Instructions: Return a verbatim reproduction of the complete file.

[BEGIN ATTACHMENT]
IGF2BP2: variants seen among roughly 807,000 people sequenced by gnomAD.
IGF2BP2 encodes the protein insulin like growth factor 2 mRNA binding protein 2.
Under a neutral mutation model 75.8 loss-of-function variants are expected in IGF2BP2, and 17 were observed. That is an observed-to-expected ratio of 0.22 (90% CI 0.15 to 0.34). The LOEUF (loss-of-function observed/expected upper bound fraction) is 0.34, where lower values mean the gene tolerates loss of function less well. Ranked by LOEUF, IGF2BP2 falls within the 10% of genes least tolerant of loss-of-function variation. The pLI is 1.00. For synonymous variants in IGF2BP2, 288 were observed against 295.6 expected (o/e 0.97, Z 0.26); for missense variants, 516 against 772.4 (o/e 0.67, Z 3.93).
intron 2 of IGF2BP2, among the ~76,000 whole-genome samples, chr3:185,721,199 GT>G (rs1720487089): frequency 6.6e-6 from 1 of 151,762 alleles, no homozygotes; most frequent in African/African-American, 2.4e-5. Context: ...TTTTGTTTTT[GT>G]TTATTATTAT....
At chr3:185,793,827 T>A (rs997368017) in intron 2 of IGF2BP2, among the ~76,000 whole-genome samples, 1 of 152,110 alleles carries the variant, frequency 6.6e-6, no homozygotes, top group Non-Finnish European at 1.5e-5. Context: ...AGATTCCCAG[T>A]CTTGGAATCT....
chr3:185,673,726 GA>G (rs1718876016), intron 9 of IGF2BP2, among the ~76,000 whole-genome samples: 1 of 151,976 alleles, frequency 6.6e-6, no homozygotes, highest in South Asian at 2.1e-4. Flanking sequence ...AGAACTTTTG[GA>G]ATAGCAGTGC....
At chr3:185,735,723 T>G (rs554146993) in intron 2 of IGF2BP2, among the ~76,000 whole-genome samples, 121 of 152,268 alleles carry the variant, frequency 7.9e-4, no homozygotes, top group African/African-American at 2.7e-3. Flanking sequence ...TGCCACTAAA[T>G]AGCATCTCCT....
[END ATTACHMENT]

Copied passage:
IGF2BP2: variants seen among roughly 807,000 people sequenced by gnomAD.
IGF2BP2 encodes the protein insulin like growth factor 2 mRNA binding protein 2.
Under a neutral mutation model 75.8 loss-of-function variants are expected in IGF2BP2, and 17 were observed. That is an observed-to-expected ratio of 0.22 (90% CI 0.15 to 0.34). The LOEUF (loss-of-function observed/expected upper bound fraction) is 0.34, where lower values mean the gene tolerates loss of function less well. Ranked by LOEUF, IGF2BP2 falls within the 10% of genes least tolerant of loss-of-function variation. The pLI is 1.00. For synonymous variants in IGF2BP2, 288 were observed against 295.6 expected (o/e 0.97, Z 0.26); for missense variants, 516 against 772.4 (o/e 0.67, Z 3.93).
intron 2 of IGF2BP2, among the ~76,000 whole-genome samples, chr3:185,721,199 GT>G (rs1720487089): frequency 6.6e-6 from 1 of 151,762 alleles, no homozygotes; most frequent in African/African-American, 2.4e-5. Context: ...TTTTGTTTTT[GT>G]TTATTATTAT....
At chr3:185,793,827 T>A (rs997368017) in intron 2 of IGF2BP2, among the ~76,000 whole-genome samples, 1 of 152,110 alleles carries the variant, frequency 6.6e-6, no homozygotes, top group Non-Finnish European at 1.5e-5. Context: ...AGATTCCCAG[T>A]CTTGGAATCT....
chr3:185,673,726 GA>G (rs1718876016), intron 9 of IGF2BP2, among the ~76,000 whole-genome samples: 1 of 151,976 alleles, frequency 6.6e-6, no homozygotes, highest in South Asian at 2.1e-4. Flanking sequence ...AGAACTTTTG[GA>G]ATAGCAGTGC....
At chr3:185,735,723 T>G (rs554146993) in intron 2 of IGF2BP2, among the ~76,000 whole-genome samples, 121 of 152,268 alleles carry the variant, frequency 7.9e-4, no homozygotes, top group African/African-American at 2.7e-3. Flanking sequence ...TGCCACTAAA[T>G]AGCATCTCCT....